Hear The Trumpet Sound?

Do you hear the call of the trumpet? "In what place soever ye hear the sound of the trumpet, resort ye thither unto us." (Neh. 4:20) The trumpet sound is heard today in many congregations in the land. Who will stand up to error and fight? Don't speak of being a "worker" when you ought to be a "fighter"! Had Nehemiah's workers taken this "peace-loving" (?) attitude and refused to fight the enemy, then the workers would have failed.

The trumpet sound is heard today from the "mission" field. Some earnest evangelist has had his support cut off by some elders priding themselves in being "mission minded", but pressured into this action by the institutional combine.

The trumpet sound comes from some small, struggling church holding to truth but needing help. Stronger churches must "resort thither". Send your preacher for a meeting. Send men out to help teach on Sundays. Send an evangelist to assist them for a period. If the enemy attacks them, "resort thither" and meet the attack when they sound the trumpet seeking your help. Let us in every way work to build our strength; let us fight to maintain it.

Shall We "Flee"?

Shall we be afraid? Shall we flee for refuge? Fear is potent, and how the enemy hopes we will succumb to it! Nehemiah, on being advised to flee to the temple for refuge said, "Should such a man as I flee? ...I will not go in." (Neh. 6:11) He was not intimidated by the false, slanderous reports. Tobiah's letters to put Nehemiah" in fear" (Neh. 6:19) utterly failed. God's will was his guide and man could not deter him from it. (My, how old brother Anonymous does work like Tobiah on his letter writing!) Nehemiah would not flee! He would work. He would fight. But flee, he never would!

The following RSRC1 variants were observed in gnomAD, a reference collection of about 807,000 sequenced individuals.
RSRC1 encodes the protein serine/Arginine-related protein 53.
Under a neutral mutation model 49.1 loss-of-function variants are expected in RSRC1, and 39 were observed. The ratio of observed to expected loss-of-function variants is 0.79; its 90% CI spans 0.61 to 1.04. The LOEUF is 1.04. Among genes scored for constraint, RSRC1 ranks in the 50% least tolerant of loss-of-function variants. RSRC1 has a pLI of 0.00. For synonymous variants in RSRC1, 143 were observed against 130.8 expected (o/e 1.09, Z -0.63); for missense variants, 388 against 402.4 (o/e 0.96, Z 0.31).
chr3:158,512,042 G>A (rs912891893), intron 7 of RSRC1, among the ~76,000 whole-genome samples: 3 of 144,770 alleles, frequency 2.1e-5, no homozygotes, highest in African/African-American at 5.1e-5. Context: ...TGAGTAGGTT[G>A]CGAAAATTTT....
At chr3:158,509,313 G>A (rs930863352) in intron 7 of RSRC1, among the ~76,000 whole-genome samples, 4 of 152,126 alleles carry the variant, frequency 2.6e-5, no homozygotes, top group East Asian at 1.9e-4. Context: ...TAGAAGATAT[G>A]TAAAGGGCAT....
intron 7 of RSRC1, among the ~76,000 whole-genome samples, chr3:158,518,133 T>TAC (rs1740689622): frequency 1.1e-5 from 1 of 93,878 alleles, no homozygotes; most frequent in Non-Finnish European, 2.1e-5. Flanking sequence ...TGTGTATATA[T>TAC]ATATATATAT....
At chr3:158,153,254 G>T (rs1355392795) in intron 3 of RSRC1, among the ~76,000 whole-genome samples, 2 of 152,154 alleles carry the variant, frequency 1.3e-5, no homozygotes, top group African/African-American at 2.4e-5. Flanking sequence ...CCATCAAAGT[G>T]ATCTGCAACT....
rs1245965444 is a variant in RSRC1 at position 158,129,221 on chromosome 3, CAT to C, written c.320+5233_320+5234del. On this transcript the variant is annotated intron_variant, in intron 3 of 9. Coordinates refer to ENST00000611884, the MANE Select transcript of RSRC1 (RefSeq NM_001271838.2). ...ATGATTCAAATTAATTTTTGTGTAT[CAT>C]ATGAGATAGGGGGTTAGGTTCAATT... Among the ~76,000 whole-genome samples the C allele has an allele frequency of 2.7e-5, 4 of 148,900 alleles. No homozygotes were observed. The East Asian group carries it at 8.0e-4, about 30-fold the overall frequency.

So, brethren, shall we work? Yes, we must. Shall we fight? Yes, indeed, when necessary. Shall we flee? Never, and under no circumstances. Do not flee from the work, do not flee from the fight. Let none become discouraged. If God be for us who can be against us? Nehemiah had only 42,360 people, 7,337 servants, and 245 singers--- a total of 49,942---but he succeeded in the midst of a more numerous enemy by outworking and outfighting them.

Today we have thousands of fearless preachers, men of deep conviction; thousands of conservative, faithful congregations throughout the land; thousands of loyal Christians, loyal to God and loyal to His word and revealed pattern. These all stand ready to work, ready to fight, but with no intention of fleeing.

How pathetic it would have been if such a man as Nehemiah — man of vision, man of decision, man of courage and action — had fled to the temple for refuge! How pathetic today to see men of ability flee to the editorial "confessional" column; flee to the camp of the institutionalists because of fear!

We need action! Let us work! Let us fight! God will be with us in this sort of action.